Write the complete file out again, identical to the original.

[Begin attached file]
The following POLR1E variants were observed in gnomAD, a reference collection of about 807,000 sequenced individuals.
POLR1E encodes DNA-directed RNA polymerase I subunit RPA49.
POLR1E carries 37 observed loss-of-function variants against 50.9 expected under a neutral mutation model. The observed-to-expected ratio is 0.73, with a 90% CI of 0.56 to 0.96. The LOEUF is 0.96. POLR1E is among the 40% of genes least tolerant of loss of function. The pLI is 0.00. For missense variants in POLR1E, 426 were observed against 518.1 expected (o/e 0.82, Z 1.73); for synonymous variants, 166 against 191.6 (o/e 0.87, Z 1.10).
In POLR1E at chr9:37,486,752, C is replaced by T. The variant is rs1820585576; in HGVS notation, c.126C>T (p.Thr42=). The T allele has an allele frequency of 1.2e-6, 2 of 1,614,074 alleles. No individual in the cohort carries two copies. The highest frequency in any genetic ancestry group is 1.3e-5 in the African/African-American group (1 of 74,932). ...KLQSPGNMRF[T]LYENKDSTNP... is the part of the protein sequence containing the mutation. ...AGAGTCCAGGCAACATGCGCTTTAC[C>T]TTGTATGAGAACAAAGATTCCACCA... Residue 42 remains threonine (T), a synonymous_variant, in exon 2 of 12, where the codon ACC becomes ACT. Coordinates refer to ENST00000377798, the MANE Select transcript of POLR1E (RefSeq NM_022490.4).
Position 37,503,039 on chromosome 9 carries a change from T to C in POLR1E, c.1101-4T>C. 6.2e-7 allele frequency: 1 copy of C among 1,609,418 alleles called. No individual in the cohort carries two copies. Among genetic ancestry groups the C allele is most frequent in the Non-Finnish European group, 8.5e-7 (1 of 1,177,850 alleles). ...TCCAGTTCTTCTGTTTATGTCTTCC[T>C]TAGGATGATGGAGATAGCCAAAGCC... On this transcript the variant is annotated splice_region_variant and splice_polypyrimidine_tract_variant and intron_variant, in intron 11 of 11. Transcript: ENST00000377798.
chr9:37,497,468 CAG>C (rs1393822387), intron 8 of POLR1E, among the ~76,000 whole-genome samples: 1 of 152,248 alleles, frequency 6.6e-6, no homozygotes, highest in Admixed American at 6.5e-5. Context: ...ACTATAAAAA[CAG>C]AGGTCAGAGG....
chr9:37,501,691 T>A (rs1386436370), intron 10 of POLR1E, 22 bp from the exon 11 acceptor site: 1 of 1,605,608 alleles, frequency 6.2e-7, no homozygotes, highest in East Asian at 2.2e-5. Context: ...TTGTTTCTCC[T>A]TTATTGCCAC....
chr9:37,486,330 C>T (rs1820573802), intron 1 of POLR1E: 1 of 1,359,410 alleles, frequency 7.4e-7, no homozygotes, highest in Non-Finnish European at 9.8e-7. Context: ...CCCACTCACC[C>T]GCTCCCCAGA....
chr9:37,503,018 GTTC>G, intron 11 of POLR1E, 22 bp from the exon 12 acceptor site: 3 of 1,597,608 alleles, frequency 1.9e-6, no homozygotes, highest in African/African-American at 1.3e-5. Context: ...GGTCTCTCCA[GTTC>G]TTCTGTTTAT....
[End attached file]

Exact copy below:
The following POLR1E variants were observed in gnomAD, a reference collection of about 807,000 sequenced individuals.
POLR1E encodes DNA-directed RNA polymerase I subunit RPA49.
POLR1E carries 37 observed loss-of-function variants against 50.9 expected under a neutral mutation model. The observed-to-expected ratio is 0.73, with a 90% CI of 0.56 to 0.96. The LOEUF is 0.96. POLR1E is among the 40% of genes least tolerant of loss of function. The pLI is 0.00. For missense variants in POLR1E, 426 were observed against 518.1 expected (o/e 0.82, Z 1.73); for synonymous variants, 166 against 191.6 (o/e 0.87, Z 1.10).
In POLR1E at chr9:37,486,752, C is replaced by T. The variant is rs1820585576; in HGVS notation, c.126C>T (p.Thr42=). The T allele has an allele frequency of 1.2e-6, 2 of 1,614,074 alleles. No individual in the cohort carries two copies. The highest frequency in any genetic ancestry group is 1.3e-5 in the African/African-American group (1 of 74,932). ...KLQSPGNMRF[T]LYENKDSTNP... is the part of the protein sequence containing the mutation. ...AGAGTCCAGGCAACATGCGCTTTAC[C>T]TTGTATGAGAACAAAGATTCCACCA... Residue 42 remains threonine (T), a synonymous_variant, in exon 2 of 12, where the codon ACC becomes ACT. Coordinates refer to ENST00000377798, the MANE Select transcript of POLR1E (RefSeq NM_022490.4).
Position 37,503,039 on chromosome 9 carries a change from T to C in POLR1E, c.1101-4T>C. 6.2e-7 allele frequency: 1 copy of C among 1,609,418 alleles called. No individual in the cohort carries two copies. Among genetic ancestry groups the C allele is most frequent in the Non-Finnish European group, 8.5e-7 (1 of 1,177,850 alleles). ...TCCAGTTCTTCTGTTTATGTCTTCC[T>C]TAGGATGATGGAGATAGCCAAAGCC... On this transcript the variant is annotated splice_region_variant and splice_polypyrimidine_tract_variant and intron_variant, in intron 11 of 11. Transcript: ENST00000377798.
chr9:37,497,468 CAG>C (rs1393822387), intron 8 of POLR1E, among the ~76,000 whole-genome samples: 1 of 152,248 alleles, frequency 6.6e-6, no homozygotes, highest in Admixed American at 6.5e-5. Context: ...ACTATAAAAA[CAG>C]AGGTCAGAGG....
chr9:37,501,691 T>A (rs1386436370), intron 10 of POLR1E, 22 bp from the exon 11 acceptor site: 1 of 1,605,608 alleles, frequency 6.2e-7, no homozygotes, highest in East Asian at 2.2e-5. Context: ...TTGTTTCTCC[T>A]TTATTGCCAC....
chr9:37,486,330 C>T (rs1820573802), intron 1 of POLR1E: 1 of 1,359,410 alleles, frequency 7.4e-7, no homozygotes, highest in Non-Finnish European at 9.8e-7. Context: ...CCCACTCACC[C>T]GCTCCCCAGA....
chr9:37,503,018 GTTC>G, intron 11 of POLR1E, 22 bp from the exon 12 acceptor site: 3 of 1,597,608 alleles, frequency 1.9e-6, no homozygotes, highest in African/African-American at 1.3e-5. Context: ...GGTCTCTCCA[GTTC>G]TTCTGTTTAT....